The delivery of legal services, the stewardship of intellectual skills, and the ability to maximize passion for a vocation in law are all tied to the ability to grow and engage professional relationships.”
Brodin agrees that relational skills are a key for employers: “The market is tight, and soft skills are critically important. As they hire, employers are thinking ‘How will this person fit into our team? How will they interact with and serve our clients at the highest possible level?’ If an applicant can demonstrate both intellectual and interpersonal skills, they are much more likely to be hired.”
Those same relationship skills are also a strong focus for CPD as it works with students to find employment. Just as lawyers need to network to build their professional reputations and to generate sources of work, law students need to build a network of connections before graduation.
“We strongly encourage our students to understand how important it is to build authentic relationships with the practicing bar even while they are in law school,” Bateson noted. “We are all part of a larger profession and a larger community. The relationships we build are the lifeblood that nourishes great lawyers throughout their careers.”
CPD has added training that not only teaches why networking is important but also gives students practical skills to make and build relationships.
Brodin noted, “Most students understand the importance of networking at this point. Some people just need a little help on how to get started, how to make the first outreach, or how to make a great first impression. Our students are amazing, interesting people, and our goal is to give them the networking skills to let that talent shine while building a genuine relationship with other amazing, interesting and talented people in the legal community.”
More than just hopeful theories, the improvements at the University of St. Thomas School of Law are making a difference. The positive impacts on professional formation seen in Hamilton and Monson’s research and the LSSSE data on student experience are backed up by external evidence, such as the School of Law appearing again in Princeton Review’s top 10 law schools for the “Best Quality of Life.” It is a ranking the school has achieved six of the past seven years. Sixty percent of UST Law students chose to participate in the LSSSE, which is well above the national average student participation rate of 44 percent. Jerry Organ and Verna Monson recently finished compiling UST’s data, noting that more than 40 percent of the survey questions garnered statistically significant positive results. “The University of St. Thomas has very encouraging results,” Organ said.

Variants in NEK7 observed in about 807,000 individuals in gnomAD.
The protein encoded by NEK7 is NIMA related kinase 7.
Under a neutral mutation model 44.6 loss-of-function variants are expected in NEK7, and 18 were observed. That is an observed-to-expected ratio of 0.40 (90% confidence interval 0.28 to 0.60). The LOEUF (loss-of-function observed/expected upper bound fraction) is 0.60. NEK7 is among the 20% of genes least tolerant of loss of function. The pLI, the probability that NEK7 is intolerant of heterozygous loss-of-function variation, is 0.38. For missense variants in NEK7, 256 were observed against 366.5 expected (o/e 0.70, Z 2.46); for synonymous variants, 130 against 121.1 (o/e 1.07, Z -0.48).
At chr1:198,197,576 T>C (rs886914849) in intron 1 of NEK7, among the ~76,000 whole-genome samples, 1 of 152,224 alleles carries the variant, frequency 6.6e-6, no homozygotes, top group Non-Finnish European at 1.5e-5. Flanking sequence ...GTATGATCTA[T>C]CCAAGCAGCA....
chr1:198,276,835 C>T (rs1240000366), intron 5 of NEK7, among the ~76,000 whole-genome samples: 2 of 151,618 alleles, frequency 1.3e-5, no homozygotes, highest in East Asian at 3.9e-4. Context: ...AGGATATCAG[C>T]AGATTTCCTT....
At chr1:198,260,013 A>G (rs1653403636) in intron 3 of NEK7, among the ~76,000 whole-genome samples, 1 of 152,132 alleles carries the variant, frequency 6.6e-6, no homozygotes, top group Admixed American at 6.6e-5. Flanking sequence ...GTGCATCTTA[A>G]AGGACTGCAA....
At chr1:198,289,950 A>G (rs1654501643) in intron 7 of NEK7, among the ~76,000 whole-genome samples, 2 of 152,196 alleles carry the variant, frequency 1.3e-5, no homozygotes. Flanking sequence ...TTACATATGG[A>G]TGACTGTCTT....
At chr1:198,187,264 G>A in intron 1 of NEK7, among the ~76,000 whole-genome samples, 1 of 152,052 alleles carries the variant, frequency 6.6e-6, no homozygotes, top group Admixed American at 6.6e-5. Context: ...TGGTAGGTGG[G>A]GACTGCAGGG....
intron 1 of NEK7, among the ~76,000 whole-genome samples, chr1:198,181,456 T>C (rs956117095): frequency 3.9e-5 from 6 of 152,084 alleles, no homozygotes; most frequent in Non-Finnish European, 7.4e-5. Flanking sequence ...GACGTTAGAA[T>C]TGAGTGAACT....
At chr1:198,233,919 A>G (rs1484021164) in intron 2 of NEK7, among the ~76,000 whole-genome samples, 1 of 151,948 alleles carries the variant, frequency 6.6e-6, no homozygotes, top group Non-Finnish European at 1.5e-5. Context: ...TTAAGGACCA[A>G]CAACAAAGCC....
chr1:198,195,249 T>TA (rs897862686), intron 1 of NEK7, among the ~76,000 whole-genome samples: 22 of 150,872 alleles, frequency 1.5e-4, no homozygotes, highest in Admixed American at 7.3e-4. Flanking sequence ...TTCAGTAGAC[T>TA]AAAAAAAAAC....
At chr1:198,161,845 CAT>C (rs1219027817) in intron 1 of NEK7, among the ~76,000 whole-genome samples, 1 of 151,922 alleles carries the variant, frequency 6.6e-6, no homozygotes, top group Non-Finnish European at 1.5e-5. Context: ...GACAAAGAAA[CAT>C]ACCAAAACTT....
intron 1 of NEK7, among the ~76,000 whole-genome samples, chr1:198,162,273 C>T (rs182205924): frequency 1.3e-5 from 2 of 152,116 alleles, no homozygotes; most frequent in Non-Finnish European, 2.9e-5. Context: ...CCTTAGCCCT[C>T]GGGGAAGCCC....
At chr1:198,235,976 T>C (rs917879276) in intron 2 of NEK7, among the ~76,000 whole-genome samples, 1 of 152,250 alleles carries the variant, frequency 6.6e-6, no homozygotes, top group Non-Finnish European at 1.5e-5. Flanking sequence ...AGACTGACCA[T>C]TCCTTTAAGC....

Bateson points out that students’ satisfaction with the law school is also tied in part to the one-to-one relationships that students build with each other, faculty and staff. Successfully helping students transition to employment flows from that same focus on relationships. CPD, faculty, staff and even other students all collaborate to help students as they move along the path to the job they seek. The focus remains on helping students discern what they personally want from their legal degree, while ensuring that the law school experience ultimately has a positive impact on their careers and their lives.
“As each student sits down with CPD, or any other mentor in the building, we are focused on finding out what that student wants in their career and helping them create their personal plan to get there. Students enter law school with a wide range of career aspirations. Many want to practice law, and we should ensure that those students are well prepared and able to find meaningful employment in the profession. At the same time, we also need to encourage and support those students who wish to use their J.D. in other ways. We support students whose goal is to start and lead a nonprofit. We support students who want to work as corporate executives and see a J.D. as a way to advance on that path. All of our students have their own unique aspirations. The best measure of our success is whether we helped them move closer to their professional goals.”
Bateson encourages students to take a “long view” not only of their careers but also the profession: “Very few people spend their whole career in one job. It is certainly a difficult time for new lawyers. Many of them end up in first jobs that may not be a perfect fit. One job is not, however, the final determination of your career. Each job is a step. If you are excellent in that job and thoughtfully assess the transferable skills you can learn, then that position is still another step closer to where you want to end up.”